“Batting wasn’t easy and, unless you are a Sachin Tendulkar, you’ve got to work hard,” is how Hussain summed up that first hour.

Lunch was taken at 76 for two and though Thorpe fell soon after resumption, the captain and Crawley didn’t allow the Indians a look-in. At tea, England were 177 for three. Cricket, essentially, is a session-by-session game and affords the opportunity of a comeback. England never forgot that.

England, by the way, omitted Dominic Cork, preferring to play Craig White who can be counted upon to contribute with the bat as well. Incidentally, Rudi Koertzen (not compatriot Dave Orchard) and Russell Tiffin are officiating.


London, July 25: 
An allrounder in his own right, batsman-wicketkeeper Alec Stewart has now emerged England’s most capped Test cricketer. Lady Luck, of course, has been kind: Stewart wouldn’t have been celebrating had young James Foster (who toured India last winter) not injured himself at the start of this season...

Stewart, respected as a thorough pro, interacted with a select group from the media — including The Telegraph (the only overseas publication) — at the Finchley Cricket Club some 48 hours before the Lord’s Test. The session continued for over half an hour.

The following are excerpts

On the significance of his 119th Test cap, one more than Graham Gooch

Honestly didn’t think I would get this far... In fact, one only begins to look at a career after 25 Tests or thereabouts... It’s an achievement having got past so many greats... When I started off, I simply wanted to continue playing for England. I didn’t — and couldn’t — look at a certain number of appearances.

On whether he would have got to this stage had Foster not got injured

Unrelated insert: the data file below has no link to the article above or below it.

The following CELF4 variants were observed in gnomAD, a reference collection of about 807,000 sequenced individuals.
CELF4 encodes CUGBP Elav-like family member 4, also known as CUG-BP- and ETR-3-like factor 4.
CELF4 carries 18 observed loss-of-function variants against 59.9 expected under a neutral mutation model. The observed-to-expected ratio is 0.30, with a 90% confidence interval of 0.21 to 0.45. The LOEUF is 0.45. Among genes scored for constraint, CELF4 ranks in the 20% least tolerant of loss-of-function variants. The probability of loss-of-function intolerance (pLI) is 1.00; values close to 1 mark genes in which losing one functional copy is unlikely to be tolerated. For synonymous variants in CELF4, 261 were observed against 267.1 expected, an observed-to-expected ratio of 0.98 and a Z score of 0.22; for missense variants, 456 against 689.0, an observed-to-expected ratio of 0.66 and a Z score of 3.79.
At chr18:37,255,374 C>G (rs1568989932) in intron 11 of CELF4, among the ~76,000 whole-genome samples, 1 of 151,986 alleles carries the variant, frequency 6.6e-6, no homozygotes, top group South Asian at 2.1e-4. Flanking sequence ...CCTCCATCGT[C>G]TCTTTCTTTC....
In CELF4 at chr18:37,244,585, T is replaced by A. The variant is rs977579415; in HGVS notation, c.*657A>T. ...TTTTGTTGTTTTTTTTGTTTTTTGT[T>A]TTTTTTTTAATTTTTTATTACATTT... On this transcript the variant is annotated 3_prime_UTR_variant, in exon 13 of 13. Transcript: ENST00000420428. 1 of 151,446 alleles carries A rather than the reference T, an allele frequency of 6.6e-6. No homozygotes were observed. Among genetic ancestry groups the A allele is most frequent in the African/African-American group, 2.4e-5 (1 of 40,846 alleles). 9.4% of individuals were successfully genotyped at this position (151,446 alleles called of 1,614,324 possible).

Probably not right now... Once you’re not in the side, then...

On what has taken him to the very top

My approach which is, essentially, never to leave anything to chance. Be it preparations or fitness or whatever. Then, I’ve liked to prove people wrong. I’m the sort who seeks to constantly improve and be successful. I’m also the type to always back my own ability, to prove things to myself... I’ve never settled for just being good enough.

On the No. 1 moment in his career

My debut (Kingston, 1989-90), without a doubt. That will always remain special... I enjoyed that moment and, really, it’s that enjoyment which keeps one going.

On whether, after a dozen years in the big league, he still gets nervous

(Grins) Not nervous, but one is a bit on edge... That helps, as you then don’t take things for granted.

On whether, early on, it was a disadvantage that his father (Mickey) was both coach and selector

Difficult to answer... But, then, he wasn’t the only selector... Personally, he was both hard and fair towards me.

On the biggest influence on his career

My father’s, to start with... I also learnt much by sharing the dressing room with Gooch. In more recent times, Duncan Fletcher has had a big impact, especially on my one-day game. I would even say he has raised England’s one-day approach to another level. (Adds after a pause) At different times, I’ve gained by working with the peerless Alan Knott.

On whether doing two jobs affected his batting

I suppose this will always be asked... It will always be asked just how many more I could have scored (beyond 7,632) had I not kept wickets. But, then, there were times when also being able to keep proved helpful... Ensured I stayed in the team... People do talk of averages but, as I see it, averages don’t ever tell the full story.

On having been replaced as England captain, after the 1999 World Cup, by Nasser Hussain

I was disappointed but, as I’ve said in the past, all that is now water under the bridge.

On the changes cricket itself has seen

The pace has become quicker... Overall, it’s been an era of good, hard cricket.

On the No. 1 bowler he has faced

Shane Warne. If I had to pick one bowler to bolster our team, I would go for Warnie. He has been outstanding.

On the fiercest competitor

Steve Waugh, for sure. If I had to get somebody else to play for my life, he’s the guy I would go for. Steve simply thrives on challenges.

On the most naturally gifted cricketer he has played with

Mark Ramprakash, though I realise that’s not reflected in his figures. Of course, the most gifted batsmen I’ve played against are Brian Lara and Sachin Tendulkar.